Columnist – Pritish Nandy;What’s star power?
This is a question many film makers and brand managers are asking today as huge star cast films and big brand launches keep failing every other day. Can stars really give a film a great opening or a brand, a spectacular launch?
But before one answers that, the simpler questions are: Who is a star, what makes for stardom? Everyone talks of star power but ask them what exactly it means and all you get is tired clichés. We all know who the stars are. We know Amitabh Bachchan is a star and will remain one, whatever his age may be. We know Aamir is one though it took him years to reach there. So are Shah Rukh, Akshay, Rajnikant, Salman, Hrithik, Aishwarya. We know Dhoni’s one. So is Sachin. Yuvraj may become one. Shammi Kapoor was one. MGR and NTR used their stardom to get ahead in politics. Chiranjeevi tried. Govinda failed. Rajesh Khanna blew it.
Earlier, we had no stars, only talent. Ashok Kumar, Dilip Kumar, Raj Kapoor, Guru Dutt, Madhubala, Kishore Kumar, Meena Kumari, Balraj Sahni. No, they were not stars but they were actually bigger. We had Sanjeev Kumar, Dharmendra, Shashi Kapoor. You loved them for their performance, their success. Stars today are judged by neither. You may be an awful actor but a big star. You can have a string of flops behind you, each worse than the other, but you can still strut around and demand outrageous fees because you’re a star. Your producers have to fudge box office figures and claim that your miserable flops are huge superhits in the hope that your next film may give them a better opening. No one believes the claims made in movie ads apart from a few dimwit, gullible fans but your PR machinery can spin these lies around and ensure that in your next movie too you can still ask for fees twice the entire production budget.
Stars can say anything, do anything, ask for anything. Give a star a great acting role and its likely to be turned down. A dumbass role is what stars die for and they call their dumbass films, masala movies. Nowhere in the world does such a definition exist. There are good movies, bad movies. Fun movies, sad movies. Popular movies, pretentious arty movies. All of them, if well made, in a honest budget, have a good chance of success. A recent horror movie, Paranormal Activity, made for Rs 7 lakh, has already fetched Rs 300 crore in theatres and well may cross Rs 500 crore. The Blair Witch Project was made for Rs 15 lakh and grossed Rs 1000 crore. Both movies had no stars, no fancy locations, no great producers to back them. They were made out of the sheer joy of film making.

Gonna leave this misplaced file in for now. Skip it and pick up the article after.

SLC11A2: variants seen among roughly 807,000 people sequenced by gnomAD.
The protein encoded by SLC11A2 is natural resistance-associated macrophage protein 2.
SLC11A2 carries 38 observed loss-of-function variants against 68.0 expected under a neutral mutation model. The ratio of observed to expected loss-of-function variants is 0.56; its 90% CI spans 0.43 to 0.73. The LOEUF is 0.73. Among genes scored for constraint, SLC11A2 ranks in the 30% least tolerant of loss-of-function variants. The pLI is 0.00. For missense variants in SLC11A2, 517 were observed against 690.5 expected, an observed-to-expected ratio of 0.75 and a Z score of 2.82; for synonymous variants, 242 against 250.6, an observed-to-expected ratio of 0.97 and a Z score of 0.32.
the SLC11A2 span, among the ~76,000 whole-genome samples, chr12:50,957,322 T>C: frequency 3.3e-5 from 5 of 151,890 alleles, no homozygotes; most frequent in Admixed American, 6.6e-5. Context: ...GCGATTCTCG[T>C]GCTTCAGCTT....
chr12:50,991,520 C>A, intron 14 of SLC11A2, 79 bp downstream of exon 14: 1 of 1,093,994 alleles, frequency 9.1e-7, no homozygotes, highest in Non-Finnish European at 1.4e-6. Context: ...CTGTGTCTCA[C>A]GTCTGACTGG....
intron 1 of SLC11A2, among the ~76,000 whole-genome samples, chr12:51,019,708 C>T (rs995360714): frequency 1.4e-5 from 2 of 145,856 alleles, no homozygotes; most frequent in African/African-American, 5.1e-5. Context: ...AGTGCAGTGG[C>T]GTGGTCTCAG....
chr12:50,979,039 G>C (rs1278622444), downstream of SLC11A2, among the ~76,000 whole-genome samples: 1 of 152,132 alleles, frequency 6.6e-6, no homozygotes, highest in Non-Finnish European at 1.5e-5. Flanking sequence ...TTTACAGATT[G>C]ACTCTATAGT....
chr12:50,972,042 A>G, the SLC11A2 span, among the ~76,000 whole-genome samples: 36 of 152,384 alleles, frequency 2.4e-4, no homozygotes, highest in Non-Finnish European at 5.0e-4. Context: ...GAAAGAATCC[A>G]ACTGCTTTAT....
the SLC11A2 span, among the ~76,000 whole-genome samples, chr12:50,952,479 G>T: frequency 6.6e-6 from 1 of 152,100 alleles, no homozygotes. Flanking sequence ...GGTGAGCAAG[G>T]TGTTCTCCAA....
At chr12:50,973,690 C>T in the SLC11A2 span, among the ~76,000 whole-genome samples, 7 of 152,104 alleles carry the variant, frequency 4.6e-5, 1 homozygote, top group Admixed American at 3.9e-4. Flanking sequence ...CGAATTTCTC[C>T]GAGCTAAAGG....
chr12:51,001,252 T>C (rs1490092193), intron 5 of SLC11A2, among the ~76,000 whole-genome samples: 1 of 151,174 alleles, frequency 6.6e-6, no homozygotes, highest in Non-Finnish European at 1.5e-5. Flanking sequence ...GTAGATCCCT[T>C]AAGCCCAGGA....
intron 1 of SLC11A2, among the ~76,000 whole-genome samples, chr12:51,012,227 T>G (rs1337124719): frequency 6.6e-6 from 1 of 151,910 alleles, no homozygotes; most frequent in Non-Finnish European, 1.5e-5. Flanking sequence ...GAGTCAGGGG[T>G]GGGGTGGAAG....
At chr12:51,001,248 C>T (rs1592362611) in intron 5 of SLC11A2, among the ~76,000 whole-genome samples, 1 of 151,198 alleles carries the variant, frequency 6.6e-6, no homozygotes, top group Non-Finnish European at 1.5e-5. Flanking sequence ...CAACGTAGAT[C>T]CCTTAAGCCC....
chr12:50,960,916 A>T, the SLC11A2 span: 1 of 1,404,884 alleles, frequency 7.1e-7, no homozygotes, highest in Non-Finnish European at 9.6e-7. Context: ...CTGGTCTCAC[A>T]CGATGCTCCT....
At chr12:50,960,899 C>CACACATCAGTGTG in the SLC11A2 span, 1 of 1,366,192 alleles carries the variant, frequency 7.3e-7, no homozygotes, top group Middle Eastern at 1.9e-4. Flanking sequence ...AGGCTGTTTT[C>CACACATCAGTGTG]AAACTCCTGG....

So was Hangover, a recent Hollywood hit which held our box office in thrall. It had nothing going for it (no stars, no great locations apart from a Vegas parking lot, no production budget worth talking about) and yet the script was so clever that the film refused to go off the screens even in snooty multiplexes. On the other hand, some of Bollywood’s monster flops in recent months have had huge star casts and unheard of budgets. Everyone worked overtime to cover up these debacles and pretend they never happened.
But let’s get back to my moot question. What does a star bring to the box office or the brand? Is it a spectacular launch? If so, why is Bollywood littered with the debris of huge star cast movies that never even took off at the box office on the first weekend or crashed on monday morning? As for brands, how many do you recall by their star power? Yes, viewers associate stars with specific products but they mostly get the brands wrong. They are so busy latching on to the way stars talk, dress, behave onscreen that they miss the entire brand connect. You are more likely to recall the zoozoos or the pug because they actually stand apart.
Fans are more obsessed these days with a star’s haircut, lifestyle, goss, sex appeal to notice his films or the brands he endorses. So the disconnect keeps growing, between a star and what he’s actually paid to do. Stars imagine that a week of last minute promotions can sell anything. But even God can’t do that. Also, overexposure kills stars these days. They’re on chat shows, corny music videos, reality shows, ads, fashion ramps, magazines, internet portals, blogs, Facebook, twitter, fanzines; in newspaper supplements wholly dedicated to the propagation of their stardom; at New Year eve hotel bashes, cricket matches; dancing at weddings; inaugurating anything from a salon to a shoe store; stomping the election trail for history sheeters ready to fork out the right amount of cash. How do you expect anyone’s mystique to survive such extreme greed?
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